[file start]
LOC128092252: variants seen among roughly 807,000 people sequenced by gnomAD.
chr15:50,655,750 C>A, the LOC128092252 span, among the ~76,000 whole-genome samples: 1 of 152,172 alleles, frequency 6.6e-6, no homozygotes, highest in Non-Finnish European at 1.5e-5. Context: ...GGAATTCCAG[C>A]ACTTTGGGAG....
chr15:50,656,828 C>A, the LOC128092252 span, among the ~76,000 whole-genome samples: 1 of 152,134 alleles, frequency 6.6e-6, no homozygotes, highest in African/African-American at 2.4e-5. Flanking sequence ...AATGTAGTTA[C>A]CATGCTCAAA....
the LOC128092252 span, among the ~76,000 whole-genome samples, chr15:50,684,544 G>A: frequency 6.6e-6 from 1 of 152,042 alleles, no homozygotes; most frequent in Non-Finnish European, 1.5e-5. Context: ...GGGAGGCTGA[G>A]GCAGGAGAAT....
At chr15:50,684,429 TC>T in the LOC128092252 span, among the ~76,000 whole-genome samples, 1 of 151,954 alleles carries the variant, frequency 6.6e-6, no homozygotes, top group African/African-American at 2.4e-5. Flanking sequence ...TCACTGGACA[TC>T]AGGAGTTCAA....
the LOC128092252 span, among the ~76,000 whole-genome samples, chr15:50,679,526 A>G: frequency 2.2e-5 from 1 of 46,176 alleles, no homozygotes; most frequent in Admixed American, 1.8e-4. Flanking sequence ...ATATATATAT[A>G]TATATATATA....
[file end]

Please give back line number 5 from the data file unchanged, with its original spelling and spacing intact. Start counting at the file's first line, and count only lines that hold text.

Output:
At chr15:50,684,429 TC>T in the LOC128092252 span, among the ~76,000 whole-genome samples, 1 of 151,954 alleles carries the variant, frequency 6.6e-6, no homozygotes, top group African/African-American at 2.4e-5. Flanking sequence ...TCACTGGACA[TC>T]AGGAGTTCAA....